Tuesday, October 30, 2012


  I want the kids to do things for themselves. I really, really do. If they don't learn to put socks on by themselves they'll end up living in my basement, making messes and never running the vacuum. I can imagine how dramatically different our mornings will be when they make their own lunches and breakfasts and can clean up without making the "clean" version look worse than the original dirty that was already there.

But honestly, there are times when the words, "I want to do it myself!" terrify me. When Dominic says, "I want to cut the chicken with a knife! By MYSELLLLLLLLF!" That's scary.

And then there are the times when "doing self" is simply exasperating. We're already late so waiting for a kindergartener to painstakingly squeeze the perfect amount of toothpaste on her Firefly toothbrush (blue! not the red one!) is akin to agony. I know she should be encouraged to take care of her own oral hygiene, but we're LATE. 

Everyone with older kids keeps saying it's critical to do chores side-by-side so your progeny learns responsibility and the value of pitching in. Ok. Fine. But when I am scrubbing the toilet with the toilet brush and Dominic comes in and declares, "Oohhhhh!!! I wanna do it!!!" I'd rather be doomed to be his cleaning woman forever than to watch him brandish that sopping, toilet-grime covered brush.

When I think about Gianna, semi-grown-up, driving herself places....I kinda want to hit up Brad's Advair.

There has to be some happy medium between not letting your 16 year old ride their bike a couple blocks to the library and letting the same kid circumnavigate the globe in a sailboat

To be honest, I want to believe I lean more to the sailboat side of things. After all, for most of history teenagers have been treated as adults. Alexander the Great was 16 when he first led an army; Cleopatra was 18 when she became the queen of Egypt. Teens used to get married and have babies and work and not be on TeenMom. It was life, and in many parts of the world, that is still how it goes down. But their childhood! I know. I know. We have quite a luxury in this country, to basically extend childhood well into our early 20's. But I wonder sometimes what good that has done.

Others have written more profoundly and well-researched opinions about the importance of those in their teens years being given meaningful work, all I can say is that they are on to something. I want to raise my children so that when they enter their teen years they are ready for adulthood. How to do that in this culture, I don't exactly know.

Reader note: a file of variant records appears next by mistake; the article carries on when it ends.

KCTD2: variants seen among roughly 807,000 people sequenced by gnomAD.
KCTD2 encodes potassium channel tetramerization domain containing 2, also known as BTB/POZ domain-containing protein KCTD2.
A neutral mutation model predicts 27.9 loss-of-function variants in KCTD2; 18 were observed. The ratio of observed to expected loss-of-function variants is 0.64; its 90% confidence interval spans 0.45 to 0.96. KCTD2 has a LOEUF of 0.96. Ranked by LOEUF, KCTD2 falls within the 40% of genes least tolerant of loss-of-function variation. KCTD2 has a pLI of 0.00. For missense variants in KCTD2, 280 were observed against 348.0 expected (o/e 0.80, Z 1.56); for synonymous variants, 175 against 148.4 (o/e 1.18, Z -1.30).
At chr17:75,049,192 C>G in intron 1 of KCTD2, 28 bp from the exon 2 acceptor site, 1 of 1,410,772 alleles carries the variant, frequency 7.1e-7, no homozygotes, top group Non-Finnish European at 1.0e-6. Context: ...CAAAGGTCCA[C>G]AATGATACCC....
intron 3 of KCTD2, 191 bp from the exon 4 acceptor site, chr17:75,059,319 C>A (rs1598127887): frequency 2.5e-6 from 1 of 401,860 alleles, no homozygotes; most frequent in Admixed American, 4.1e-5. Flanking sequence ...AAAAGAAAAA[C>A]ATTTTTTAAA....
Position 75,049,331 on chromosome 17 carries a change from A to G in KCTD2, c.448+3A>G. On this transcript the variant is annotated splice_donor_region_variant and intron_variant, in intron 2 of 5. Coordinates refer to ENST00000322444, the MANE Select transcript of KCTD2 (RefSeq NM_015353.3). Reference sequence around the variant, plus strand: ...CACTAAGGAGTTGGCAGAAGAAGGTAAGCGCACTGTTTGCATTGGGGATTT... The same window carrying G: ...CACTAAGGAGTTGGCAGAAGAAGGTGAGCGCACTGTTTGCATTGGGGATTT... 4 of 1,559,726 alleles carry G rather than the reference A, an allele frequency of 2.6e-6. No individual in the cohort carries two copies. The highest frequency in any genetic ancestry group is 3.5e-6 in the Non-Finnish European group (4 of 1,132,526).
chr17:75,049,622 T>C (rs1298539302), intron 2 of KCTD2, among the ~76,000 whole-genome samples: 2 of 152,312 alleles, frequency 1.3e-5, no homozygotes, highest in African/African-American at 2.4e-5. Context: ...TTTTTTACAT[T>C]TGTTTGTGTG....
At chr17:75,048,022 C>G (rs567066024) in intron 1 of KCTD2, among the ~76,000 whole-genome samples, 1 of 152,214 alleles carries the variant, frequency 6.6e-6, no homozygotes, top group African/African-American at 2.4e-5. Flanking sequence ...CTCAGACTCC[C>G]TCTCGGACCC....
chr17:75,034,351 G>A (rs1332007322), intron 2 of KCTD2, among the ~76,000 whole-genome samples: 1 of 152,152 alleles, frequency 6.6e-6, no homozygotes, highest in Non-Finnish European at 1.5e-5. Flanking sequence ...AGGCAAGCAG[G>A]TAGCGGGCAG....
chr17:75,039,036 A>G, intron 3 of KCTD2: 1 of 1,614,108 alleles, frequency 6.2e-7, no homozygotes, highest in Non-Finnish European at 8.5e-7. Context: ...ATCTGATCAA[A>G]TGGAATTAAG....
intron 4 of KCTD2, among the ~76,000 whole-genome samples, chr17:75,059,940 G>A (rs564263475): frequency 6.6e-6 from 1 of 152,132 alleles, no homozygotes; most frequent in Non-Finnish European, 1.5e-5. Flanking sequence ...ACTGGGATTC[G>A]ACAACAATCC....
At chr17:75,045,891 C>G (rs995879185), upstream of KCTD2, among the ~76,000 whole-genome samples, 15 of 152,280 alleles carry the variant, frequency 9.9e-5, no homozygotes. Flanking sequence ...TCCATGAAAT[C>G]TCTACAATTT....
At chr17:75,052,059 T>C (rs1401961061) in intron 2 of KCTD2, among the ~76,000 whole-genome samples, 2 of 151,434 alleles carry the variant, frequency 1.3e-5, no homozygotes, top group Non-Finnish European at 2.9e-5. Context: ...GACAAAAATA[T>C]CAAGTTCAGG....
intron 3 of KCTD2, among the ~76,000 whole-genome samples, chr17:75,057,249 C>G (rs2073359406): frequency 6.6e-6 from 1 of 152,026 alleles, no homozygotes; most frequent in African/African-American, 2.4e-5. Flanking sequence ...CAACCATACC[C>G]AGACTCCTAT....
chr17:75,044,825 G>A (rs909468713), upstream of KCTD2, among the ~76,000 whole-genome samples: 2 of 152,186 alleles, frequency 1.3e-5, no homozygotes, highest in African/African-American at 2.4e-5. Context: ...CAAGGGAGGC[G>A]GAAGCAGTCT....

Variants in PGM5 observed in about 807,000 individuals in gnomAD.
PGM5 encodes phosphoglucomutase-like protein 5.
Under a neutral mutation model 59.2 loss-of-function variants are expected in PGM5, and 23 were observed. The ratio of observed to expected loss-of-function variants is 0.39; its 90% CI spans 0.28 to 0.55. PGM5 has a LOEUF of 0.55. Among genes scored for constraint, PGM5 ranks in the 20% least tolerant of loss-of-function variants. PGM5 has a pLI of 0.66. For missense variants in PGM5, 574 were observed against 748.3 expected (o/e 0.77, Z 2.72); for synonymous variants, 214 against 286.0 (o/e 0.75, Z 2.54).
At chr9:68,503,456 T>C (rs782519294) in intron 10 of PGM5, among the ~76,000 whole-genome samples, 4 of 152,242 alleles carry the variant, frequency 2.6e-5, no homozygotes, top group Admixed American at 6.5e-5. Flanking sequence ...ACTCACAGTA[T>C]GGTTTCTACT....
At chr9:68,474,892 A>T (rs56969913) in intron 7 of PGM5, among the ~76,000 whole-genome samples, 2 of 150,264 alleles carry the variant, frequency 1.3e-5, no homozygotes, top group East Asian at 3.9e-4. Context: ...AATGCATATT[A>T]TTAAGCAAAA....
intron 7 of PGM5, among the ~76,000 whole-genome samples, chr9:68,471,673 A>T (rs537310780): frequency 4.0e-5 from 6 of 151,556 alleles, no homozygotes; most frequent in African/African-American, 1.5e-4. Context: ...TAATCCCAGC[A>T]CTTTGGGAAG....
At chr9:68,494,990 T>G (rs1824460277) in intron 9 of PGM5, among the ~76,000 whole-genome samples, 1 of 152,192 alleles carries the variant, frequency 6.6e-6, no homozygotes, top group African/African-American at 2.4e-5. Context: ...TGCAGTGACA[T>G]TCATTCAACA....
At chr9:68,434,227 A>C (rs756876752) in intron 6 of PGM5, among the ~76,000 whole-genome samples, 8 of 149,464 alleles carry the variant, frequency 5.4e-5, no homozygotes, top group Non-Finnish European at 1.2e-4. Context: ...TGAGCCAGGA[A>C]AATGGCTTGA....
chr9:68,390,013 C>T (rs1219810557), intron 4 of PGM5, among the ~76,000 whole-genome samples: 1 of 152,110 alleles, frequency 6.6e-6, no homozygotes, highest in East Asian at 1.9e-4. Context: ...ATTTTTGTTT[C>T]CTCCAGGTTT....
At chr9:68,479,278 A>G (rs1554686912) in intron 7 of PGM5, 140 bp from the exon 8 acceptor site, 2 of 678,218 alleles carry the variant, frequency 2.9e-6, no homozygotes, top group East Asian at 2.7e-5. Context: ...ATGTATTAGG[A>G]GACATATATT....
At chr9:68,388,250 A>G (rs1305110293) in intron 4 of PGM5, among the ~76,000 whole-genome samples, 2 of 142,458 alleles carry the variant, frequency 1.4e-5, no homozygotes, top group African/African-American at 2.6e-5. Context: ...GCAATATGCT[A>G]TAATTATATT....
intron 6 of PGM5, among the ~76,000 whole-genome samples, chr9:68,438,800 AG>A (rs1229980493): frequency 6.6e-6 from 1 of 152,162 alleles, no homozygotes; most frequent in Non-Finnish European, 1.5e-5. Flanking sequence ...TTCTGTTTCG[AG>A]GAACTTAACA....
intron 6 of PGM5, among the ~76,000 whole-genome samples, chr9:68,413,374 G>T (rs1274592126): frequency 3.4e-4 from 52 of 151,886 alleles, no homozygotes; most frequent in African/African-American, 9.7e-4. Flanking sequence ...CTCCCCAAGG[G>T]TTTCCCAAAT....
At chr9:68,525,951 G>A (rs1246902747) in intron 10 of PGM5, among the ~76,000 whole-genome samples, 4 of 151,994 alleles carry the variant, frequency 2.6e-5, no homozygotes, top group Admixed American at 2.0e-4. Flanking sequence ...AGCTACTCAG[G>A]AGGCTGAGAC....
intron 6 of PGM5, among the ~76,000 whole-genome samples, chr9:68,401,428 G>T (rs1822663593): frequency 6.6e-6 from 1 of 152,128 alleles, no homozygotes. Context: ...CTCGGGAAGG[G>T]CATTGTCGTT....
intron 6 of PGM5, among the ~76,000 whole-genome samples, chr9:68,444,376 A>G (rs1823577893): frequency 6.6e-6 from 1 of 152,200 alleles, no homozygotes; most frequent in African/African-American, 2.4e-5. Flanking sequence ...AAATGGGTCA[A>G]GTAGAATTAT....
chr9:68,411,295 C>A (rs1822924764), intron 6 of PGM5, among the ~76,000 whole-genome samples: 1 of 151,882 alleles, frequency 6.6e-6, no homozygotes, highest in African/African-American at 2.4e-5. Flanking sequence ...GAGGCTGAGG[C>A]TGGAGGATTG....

Motherhood is such a paradox. My job is to form them and guide them into little mensches which means allowing them to goof up and get dirty and maybe a little hurt but every fiber of my being wants to keep them close and bubble-wrapped. It's almost super-natural, to help them grow up but not too quick, cuddle them but not coddle them, protect them but not make them soft.

I can see how behind the fears there is the good. Allowing our littles to venture out when they are ready sends a message that we are confident in them. That while we worry we are also assured that they can navigate this wild and interesting world. I was so nervous when I took my little two-and-a-half year old Gianna to school for the first time. She was so little, it was never our plan for things to happen that way. But now I see that because we pushed through the fears to what we knew would be best for her, she has the confidence that she can do anything a hearing person can do.

  Maybe sometimes we have to embrace what is scary so we can get to the good stuff.

Friday, October 19, 2012

7 Quick Takes: Fits and Starts

1. My baby is 3 months old as of yesterday. Boo. Newborns are the best. If you sit on the couch reading all day, you look lazy. If you take the same exact scenario, but add a sweet, velvety sleeping baby in your arms, you look legit.

2. Our basement is nearly finished which means I am thisclose to taking every.last.toy and throwing it down the stairs, and slamming the door. Glory will be mine.

3. The flood is coming. Watch out.

4. I heard this wonderful thing on NPR's Talk of the Nation about a company called TaskRabbit. Basically, you go on there and say, "I need someone to help me clean out this embarrassingly dirty closet." And the people who are employed by TaskRabbit bid for the job. You can also like, make people bring you a burrito and stuff. I love everything about this. Apparently it's also nice for people with special skills to find extra work within their specialty.